I suppose you could say that the wider point I was trying to make, and which I’m attempting to clarify here, is that no movement and no ideology is so perfect and inviolable that it can’t benefit from a little introspection and self-interrogation, and if this nascent “Anti-Fascist” movement truly aims to survive and sustain its early momentum then it needs to be willing and able to take a look at itself and ask “who are we, and what are we doing?” every now and then.

Being willing to self-analyse and be self-aware shouldn’t be seen as a weakness. It’s a strength. But, unfortunately, there’s always someone who sees even the suggestion of criticism of “the cause”, no matter how minor, as a reason to lash out and as a way of affirming their own (self) righteousness.

But… if I’m going to talk honestly and openly here about perspective and self-awareness, I have to acknowledge that perhaps there might have been a bigger misunderstanding at the root of this sad little squabble, which perhaps stems from my own failure to adequately explain my point or to consider how it might come across.

From my perspective (there’s that word again), declaring oneself to be an “Anti-Fascist” is a bold statement, and not one to be made lightly. It can’t just be about paying lip-service through empty sloganeering – as I said above, any decent person is already anti-fascism when it comes down to it, even if they don’t explicitly identify as such – but should, in my mind at least, reflect a deeper commitment to grass-roots activism and direct action, which is why I raised the issue of certain bands, in the absence of any identity or ideology of their own, glomming onto this as more of a “brand” than as an actual commitment to the cause.


It’s also worth pointing out that my comment could also have been read, from one perspective, as doing exactly the same thing it was supposed to be railing against – making the perfect the enemy of the good – and I’ve spoken with several people since then who’ve suggested that simply raising the awareness of anti-fascism, of making people aware that the movement exists, is a good unto itself.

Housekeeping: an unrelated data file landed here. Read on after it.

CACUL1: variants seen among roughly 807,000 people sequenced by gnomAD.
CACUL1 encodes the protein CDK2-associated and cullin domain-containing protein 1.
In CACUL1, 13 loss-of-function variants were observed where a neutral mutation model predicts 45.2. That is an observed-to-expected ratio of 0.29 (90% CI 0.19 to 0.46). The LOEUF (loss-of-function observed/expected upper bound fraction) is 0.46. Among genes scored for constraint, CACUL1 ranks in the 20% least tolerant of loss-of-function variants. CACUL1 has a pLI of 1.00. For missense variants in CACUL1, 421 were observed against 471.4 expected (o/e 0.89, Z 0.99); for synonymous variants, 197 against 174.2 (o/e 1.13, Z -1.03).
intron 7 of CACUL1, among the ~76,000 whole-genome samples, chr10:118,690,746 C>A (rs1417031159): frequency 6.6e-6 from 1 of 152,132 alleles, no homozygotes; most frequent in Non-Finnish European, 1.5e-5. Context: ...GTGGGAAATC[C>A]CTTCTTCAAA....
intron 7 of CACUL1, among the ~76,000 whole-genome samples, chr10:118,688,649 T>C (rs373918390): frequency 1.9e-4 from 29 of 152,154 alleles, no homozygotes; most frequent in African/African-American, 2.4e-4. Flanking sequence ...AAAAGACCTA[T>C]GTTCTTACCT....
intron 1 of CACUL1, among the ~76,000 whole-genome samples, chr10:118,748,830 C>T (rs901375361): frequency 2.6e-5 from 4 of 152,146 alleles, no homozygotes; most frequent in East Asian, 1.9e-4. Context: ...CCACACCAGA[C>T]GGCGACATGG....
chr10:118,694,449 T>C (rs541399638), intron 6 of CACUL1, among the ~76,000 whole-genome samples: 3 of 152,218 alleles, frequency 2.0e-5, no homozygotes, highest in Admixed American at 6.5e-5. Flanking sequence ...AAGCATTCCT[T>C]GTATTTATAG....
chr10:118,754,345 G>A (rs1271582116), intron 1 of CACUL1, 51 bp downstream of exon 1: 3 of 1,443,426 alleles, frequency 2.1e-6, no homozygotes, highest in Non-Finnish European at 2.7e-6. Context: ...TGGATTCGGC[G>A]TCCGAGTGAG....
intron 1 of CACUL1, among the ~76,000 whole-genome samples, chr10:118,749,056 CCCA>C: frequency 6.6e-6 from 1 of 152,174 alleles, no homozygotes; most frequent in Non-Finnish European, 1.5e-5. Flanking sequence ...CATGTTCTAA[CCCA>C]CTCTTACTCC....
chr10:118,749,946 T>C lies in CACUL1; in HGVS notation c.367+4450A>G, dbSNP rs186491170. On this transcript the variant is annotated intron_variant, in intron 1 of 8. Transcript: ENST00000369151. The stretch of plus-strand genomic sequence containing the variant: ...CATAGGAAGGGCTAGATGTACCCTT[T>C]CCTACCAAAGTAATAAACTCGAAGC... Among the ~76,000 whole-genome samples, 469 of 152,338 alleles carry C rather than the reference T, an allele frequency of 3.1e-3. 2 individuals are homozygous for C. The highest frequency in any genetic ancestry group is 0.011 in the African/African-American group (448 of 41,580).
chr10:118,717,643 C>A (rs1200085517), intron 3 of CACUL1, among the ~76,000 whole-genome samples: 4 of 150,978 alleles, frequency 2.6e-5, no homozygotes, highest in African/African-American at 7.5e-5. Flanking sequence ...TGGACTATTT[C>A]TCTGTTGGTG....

And I agree, it is. But this doesn’t have to be an either/or situation. You can acknowledge that the growing popularity of the movement is, in itself, an intrinsic good, while also being aware of the potential pitfalls which this brings with it. One need not be the enemy of the other.

It often seems to me that, in these ever more polarized and partisan times, we fracture into factions all too easily – whether over issues of politics, music, or personality – and all too often end up hopelessly divided over things on which we otherwise agree 99% of the time.

So, please, let’s stop letting perfection be a barrier to progress, and let’s accept that different perspectives often help us to see our shared goals more clearly.


Anyway, in closing, here’s a cool cover of Endstand’s “Destroy Fascism” by Heaven Shall Burn, two bands who’ve been fighting the good fight for a long, long time!


  2 Responses to “THE PERFECT IS THE ENEMY…”

  1. Interesting read, made some good point and I more or less agree with whatchya saying. Also as someone such as myself who tends not to give very many fucks I find myself hating the “with us or against us” mentality.

    • Thanks man. It perhaps could have been a bit clearer in places, but it was written in a big rush of inspiration last night, and then edited down for cleanliness and clarity on my break at work today… but sometimes you just HAVE to get these things out straight away. Strike while the iron is hot, and all that!